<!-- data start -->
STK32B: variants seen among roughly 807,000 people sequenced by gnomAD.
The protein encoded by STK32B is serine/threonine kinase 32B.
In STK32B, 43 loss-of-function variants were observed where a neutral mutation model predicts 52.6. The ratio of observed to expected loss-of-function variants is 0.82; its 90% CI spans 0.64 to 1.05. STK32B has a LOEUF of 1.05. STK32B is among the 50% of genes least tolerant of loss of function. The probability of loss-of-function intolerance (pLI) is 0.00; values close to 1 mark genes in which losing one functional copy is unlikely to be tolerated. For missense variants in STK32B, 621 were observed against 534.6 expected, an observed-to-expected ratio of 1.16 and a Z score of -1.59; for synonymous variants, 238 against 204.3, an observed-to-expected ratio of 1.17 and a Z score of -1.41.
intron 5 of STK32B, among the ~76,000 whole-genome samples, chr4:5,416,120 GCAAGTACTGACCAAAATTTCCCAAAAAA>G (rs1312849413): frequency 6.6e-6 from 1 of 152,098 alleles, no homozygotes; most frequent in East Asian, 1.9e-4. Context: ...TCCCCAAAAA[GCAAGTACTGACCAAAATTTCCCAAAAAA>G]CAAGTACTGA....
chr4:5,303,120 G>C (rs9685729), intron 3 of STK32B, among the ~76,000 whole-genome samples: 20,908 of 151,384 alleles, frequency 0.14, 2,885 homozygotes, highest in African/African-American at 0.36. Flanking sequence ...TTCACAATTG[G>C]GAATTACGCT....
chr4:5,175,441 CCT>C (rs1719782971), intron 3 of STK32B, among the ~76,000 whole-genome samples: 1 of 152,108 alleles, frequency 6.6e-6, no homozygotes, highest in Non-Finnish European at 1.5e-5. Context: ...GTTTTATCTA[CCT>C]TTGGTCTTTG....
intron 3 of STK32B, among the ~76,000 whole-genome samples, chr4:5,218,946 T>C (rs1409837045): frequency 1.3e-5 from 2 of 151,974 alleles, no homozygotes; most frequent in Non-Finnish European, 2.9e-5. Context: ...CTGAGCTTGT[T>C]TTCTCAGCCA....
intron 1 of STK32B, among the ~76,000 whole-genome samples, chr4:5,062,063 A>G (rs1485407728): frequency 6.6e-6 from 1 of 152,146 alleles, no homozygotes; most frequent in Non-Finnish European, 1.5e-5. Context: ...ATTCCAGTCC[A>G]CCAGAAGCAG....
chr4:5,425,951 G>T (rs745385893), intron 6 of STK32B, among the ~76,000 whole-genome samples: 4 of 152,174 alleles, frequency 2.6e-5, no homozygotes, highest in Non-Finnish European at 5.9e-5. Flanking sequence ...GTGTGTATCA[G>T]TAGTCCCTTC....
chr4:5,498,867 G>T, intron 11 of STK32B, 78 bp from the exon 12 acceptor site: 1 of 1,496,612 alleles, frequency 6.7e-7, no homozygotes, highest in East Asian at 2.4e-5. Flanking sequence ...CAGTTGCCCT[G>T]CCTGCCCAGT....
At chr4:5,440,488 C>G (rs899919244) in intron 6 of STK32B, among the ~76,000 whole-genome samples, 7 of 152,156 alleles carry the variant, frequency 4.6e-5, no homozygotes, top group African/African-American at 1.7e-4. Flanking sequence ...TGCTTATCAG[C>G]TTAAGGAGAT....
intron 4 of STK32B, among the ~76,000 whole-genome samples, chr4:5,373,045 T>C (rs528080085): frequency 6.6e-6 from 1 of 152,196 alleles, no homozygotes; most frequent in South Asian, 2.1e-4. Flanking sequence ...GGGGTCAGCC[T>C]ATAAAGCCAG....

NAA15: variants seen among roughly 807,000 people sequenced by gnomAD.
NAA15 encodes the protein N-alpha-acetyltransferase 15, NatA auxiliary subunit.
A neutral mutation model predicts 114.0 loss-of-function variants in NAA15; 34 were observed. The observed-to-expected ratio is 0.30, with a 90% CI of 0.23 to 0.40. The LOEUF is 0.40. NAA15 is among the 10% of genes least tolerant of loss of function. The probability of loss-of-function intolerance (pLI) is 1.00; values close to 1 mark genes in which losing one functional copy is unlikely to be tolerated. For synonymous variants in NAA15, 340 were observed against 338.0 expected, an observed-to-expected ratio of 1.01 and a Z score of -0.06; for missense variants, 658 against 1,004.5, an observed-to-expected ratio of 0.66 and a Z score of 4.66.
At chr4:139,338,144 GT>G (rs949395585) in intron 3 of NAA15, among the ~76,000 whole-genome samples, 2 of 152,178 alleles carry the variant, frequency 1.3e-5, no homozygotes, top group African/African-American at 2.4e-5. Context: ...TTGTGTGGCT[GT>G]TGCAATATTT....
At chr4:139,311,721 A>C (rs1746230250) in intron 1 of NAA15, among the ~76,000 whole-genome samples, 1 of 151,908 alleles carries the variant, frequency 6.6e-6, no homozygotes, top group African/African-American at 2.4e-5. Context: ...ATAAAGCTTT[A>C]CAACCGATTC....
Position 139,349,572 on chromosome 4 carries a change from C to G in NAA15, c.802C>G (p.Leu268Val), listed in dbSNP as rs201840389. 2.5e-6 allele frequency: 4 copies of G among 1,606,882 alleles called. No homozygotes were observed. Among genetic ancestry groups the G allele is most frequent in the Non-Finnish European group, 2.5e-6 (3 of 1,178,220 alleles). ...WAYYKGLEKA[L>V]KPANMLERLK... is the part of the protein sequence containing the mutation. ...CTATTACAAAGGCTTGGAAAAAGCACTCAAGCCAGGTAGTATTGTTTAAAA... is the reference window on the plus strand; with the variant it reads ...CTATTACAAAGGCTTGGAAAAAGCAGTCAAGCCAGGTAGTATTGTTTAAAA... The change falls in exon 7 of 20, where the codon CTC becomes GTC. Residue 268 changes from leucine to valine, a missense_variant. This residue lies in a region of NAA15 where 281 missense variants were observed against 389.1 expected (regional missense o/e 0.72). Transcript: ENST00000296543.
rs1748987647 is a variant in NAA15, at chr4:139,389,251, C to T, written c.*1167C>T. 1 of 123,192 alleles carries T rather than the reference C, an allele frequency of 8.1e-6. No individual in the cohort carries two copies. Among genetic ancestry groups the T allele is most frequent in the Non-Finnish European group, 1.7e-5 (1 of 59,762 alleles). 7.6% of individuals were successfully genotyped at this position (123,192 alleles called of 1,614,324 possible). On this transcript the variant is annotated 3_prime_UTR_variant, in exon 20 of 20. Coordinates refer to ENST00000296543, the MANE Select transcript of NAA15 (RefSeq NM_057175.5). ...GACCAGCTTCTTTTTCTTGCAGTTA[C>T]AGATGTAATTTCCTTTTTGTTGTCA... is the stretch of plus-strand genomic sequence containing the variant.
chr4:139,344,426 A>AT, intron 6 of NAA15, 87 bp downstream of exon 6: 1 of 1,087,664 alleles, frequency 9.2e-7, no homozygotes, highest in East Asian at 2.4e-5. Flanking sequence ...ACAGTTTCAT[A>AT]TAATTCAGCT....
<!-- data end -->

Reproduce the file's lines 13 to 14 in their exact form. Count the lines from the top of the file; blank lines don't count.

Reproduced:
NAA15: variants seen among roughly 807,000 people sequenced by gnomAD.
NAA15 encodes the protein N-alpha-acetyltransferase 15, NatA auxiliary subunit.